1. As much as I hope I’m wrong about this, I think Sabine is gonna die this season. Reason 1: Tiya Sircar was the only regular voice cast member to attend SWCE (Witwer’s Maul is recurring, not regular). By the time of SWCE, everyone within the show pretty much knew each character’s fate, so why not let Tiya bask in the love of the Star Wars faithful while her character is still alive. Reason 2: We see in the trailer that Sabine wields the DarkSaber, a weapon that hasn’t been kind to its previous two owners. Reason 3: There’s a shot in the trailer of a blaster bolt hitting Sabine’s jet pack and her dropping with Ezra reaching for her. Does he force-catch her? We dunno, and even if he does and begins to lift her, he could get shot in the arm like Ahsoka was when trying to save Saw Gerrera’s sister. Sabine’s death could move Ezra closer to the dark side. Like I said, I seriously hope I’m wrong about this, but it’s my biggest worry.

    • Hey! Hmm, Sabine dying…I want to say there’s more planned when it comes to that character. I think the creators have something bigger in mind. It wouldn’t sit well with the audience to flesh out her story this season, which is why I think Tiya was at SWCE, and then kill her off. It will leave a bitter taste in fans, so I don’t think that’s the way they’re going. Tiya was there to reinforce the fact that Sabine will have a bigger role this season. Filoni has also stated in past interviews that Sabine will become just as important as Ezra in the future, so I don’t think death is what they have planned. I’m really looking forward to her story, and I think the Mandalore parts in this season are going to be what fans have been craving to see, so I’m glad we’re going to be getting that through her!

  2. Great episode that went by toooo quickly!

    It definitely whets the appetite for the rest of Season 3!

    I want more of everything! More Force Mysticism, more Thrawn, more building up of the Rebelllion into the Alliance to Restore the Republic, and more Star Wars action, please!

    My favorite parts of the episode were anytime Kanan was on screen, the Bendu, the voice from the Sith Holocron enticing Ezra further down an Evil path, Rex’s Clone Wars slang, Chopper not wanting to get back in a Y-Wing (aka having some PTSD?!), the return and next defeat of Brom Titus, and Thrawn’s eyes lingering over the Rebels’ plans during the fade out.

    A lot of great story threads were set up in this episode and it was good to see that Ezra’s use of the quick & easy path ends up causing him and his friends more grief at the end of the day.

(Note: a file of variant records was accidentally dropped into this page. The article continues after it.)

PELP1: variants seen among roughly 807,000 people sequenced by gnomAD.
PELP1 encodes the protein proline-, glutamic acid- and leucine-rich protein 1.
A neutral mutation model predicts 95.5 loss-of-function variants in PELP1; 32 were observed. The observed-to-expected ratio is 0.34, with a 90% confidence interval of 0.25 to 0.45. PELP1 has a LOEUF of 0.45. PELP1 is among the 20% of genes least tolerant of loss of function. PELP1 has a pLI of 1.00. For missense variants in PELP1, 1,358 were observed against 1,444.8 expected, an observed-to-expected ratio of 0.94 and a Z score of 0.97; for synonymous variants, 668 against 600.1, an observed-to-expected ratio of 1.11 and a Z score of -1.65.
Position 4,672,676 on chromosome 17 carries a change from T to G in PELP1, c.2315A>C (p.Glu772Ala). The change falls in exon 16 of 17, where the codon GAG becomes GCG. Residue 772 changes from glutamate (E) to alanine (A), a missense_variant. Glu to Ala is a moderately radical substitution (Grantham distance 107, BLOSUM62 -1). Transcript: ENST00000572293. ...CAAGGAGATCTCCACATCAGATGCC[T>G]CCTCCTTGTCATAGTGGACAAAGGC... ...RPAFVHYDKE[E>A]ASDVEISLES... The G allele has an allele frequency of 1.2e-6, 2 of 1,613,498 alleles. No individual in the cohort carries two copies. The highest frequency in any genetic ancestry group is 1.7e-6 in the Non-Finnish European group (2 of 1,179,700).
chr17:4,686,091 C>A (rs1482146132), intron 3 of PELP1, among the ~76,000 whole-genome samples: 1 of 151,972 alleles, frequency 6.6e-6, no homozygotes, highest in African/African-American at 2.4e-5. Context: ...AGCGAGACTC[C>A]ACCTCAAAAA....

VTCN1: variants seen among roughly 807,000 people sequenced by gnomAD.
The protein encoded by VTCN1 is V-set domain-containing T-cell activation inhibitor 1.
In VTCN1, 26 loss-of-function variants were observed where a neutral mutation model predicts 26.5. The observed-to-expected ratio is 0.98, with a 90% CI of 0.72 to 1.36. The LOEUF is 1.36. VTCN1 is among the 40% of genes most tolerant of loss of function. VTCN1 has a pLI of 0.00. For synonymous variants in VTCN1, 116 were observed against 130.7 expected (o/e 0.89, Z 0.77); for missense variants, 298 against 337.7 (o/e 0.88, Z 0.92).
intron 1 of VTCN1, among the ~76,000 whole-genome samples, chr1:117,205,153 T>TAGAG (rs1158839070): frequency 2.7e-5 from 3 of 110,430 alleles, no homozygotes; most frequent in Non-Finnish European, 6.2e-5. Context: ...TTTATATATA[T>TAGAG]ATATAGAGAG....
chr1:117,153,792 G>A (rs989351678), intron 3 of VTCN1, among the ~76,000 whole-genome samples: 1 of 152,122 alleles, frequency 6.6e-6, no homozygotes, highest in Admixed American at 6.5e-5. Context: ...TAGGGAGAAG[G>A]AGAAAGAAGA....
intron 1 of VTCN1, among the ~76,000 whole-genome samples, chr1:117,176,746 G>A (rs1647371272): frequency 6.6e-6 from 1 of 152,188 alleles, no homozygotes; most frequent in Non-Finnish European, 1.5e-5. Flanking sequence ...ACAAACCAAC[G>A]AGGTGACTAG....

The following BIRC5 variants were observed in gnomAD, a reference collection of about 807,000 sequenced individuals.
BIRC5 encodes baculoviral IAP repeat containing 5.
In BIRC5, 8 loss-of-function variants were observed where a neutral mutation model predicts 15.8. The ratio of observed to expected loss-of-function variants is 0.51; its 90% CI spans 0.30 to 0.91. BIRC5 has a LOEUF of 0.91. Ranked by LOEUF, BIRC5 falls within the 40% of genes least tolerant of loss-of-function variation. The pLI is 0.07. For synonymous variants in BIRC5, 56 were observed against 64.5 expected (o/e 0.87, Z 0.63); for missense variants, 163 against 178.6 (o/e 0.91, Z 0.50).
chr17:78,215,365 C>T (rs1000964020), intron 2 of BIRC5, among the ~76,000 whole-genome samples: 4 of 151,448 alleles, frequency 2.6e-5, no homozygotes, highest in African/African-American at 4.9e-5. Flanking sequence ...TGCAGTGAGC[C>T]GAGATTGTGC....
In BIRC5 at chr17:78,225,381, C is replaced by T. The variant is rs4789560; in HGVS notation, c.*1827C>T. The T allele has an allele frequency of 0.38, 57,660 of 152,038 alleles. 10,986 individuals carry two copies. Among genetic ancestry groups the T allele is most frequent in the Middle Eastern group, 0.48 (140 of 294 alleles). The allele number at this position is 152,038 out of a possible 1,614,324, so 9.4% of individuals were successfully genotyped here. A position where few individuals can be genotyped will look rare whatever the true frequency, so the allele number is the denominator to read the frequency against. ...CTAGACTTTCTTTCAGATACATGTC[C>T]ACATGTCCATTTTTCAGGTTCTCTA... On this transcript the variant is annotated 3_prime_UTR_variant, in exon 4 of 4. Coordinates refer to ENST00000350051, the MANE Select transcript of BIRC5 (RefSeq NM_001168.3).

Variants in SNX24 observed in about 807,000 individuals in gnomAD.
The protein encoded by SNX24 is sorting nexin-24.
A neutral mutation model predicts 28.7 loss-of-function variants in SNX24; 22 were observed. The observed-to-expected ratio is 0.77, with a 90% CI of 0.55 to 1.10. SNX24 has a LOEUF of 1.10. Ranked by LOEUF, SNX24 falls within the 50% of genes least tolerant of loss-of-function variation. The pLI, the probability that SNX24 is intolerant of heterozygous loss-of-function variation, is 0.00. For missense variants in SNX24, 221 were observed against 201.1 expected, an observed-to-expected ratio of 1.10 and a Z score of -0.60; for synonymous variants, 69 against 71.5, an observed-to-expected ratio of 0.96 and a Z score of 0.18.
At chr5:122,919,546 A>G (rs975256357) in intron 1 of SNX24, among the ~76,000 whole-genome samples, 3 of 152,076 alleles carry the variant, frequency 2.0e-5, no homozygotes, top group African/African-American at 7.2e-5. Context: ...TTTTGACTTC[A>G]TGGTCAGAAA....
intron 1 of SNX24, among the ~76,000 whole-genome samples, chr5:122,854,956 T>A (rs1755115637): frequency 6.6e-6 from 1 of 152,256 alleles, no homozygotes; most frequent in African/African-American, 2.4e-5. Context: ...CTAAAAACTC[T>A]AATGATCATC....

RIP Phantom!!!

    • Love this comment because it lists everything that I love, haha! Really love Rex taking charge, that voice in the Holocron, Kallus asking about the civilian casualties! SO much awesome stuff happened, and you’re right, it went too quickly! I wish every episode was an hour long!

  3. Good call on the symbolism of Kanan reaching out from the light to Ezra in the dark. I totally missed that, but now that you mention it I’m sure that was intentional. I agree that the voice casting on the new characters is stellar. When Kanan stated he would “always come back”, that was a really nice moment, but it made me wonder if it’s foreshadowing Kanan’s death and eventual return as a force ghost. Maybe it’s just my Kanan fan paranoia.

    • Definitely agree on the lighting as symbolism during the rescue scene. Good call! Yeah, a lot of good moments of shared feeling between Kanan and Ezra as they come back together. I hope they can keep it up! Kanan is my favorite character on Rebels (now that Ahsoka’s gone) and you might be on to something there… maybe the Bendu would teach him? Still, I am fairly sure Kanan’s death won’t happen in Rebels.

      • Maybe! If Kanan were to die, I could see it take place in another story. I look forward to what else Kanan will learn from the Bendu. And I’m especially excited to see Ezra interacting with that character. Can’t wait!

    • I’m afraid for Kanan! When he said “I’ll always come back”, I had that same fear. I don’t know if Kanan would be able to return as a Force ghost, given the fact that he has to learn how to preserve his identity after death, like Qui-Gon, Yoda, and Obi-Wan. We’ll have to wait and see, I guess! Thanks for your comment!

  4. I enjoyed the new episode a lot. I think it handled Ezra’s use of the dark side well. You see Ezra taking human life with compunction using his anger, but it is clear he isn’t working from selfish desire. He seems more grounded than Anakin did.

    I thought they could have let the empire destroy a couple A-Wings and Y-Wings in that battle. It would help me enjoy the tension if the empire seemed a little more competent.

    Chopper not wanting to get in a Y-Wing was a favorite moment, as well as Hondo taking off in the shuttle with the Ugnauts when he saw the opportunity. After listening to your podcasts I’m shocked you didn’t work Captain Rex into the review somehow ;).

    • Haha, my love for Rex knows no bounds! I really wanted to cover the main points of the episode, but you’re right! I should have slipped Rex in there! I might go back in there and do that, haha!

      Chopper not liking the Y-wing was fantastic! I love Chop. So happy to have him and the team back together again! And I love your point about Ezra being more grounded than Ezra.

      Thanks so much for leaving a comment! Looking forward to recording the next episode and publishing it on Wednesday!

  5. The scene was nice but I’ve been hearing people make the conclusion that the Holocron won’t bother Ezra again I disagree. The very end hints that the sith Holocron has made its roots in Ezra’s head. in the trailer it shows that Ezra won’t give up on it either :) can’t wait

    • Oh yes, totally! The holocron isn’t completely out of the picture. He’s already been affected by it, so he’s going to seek it out because he knows that it has knowledge and secrets that can help him achieve what he wants. I’m just hoping that in the end, he learns that using it is not the way to solve the problems they have.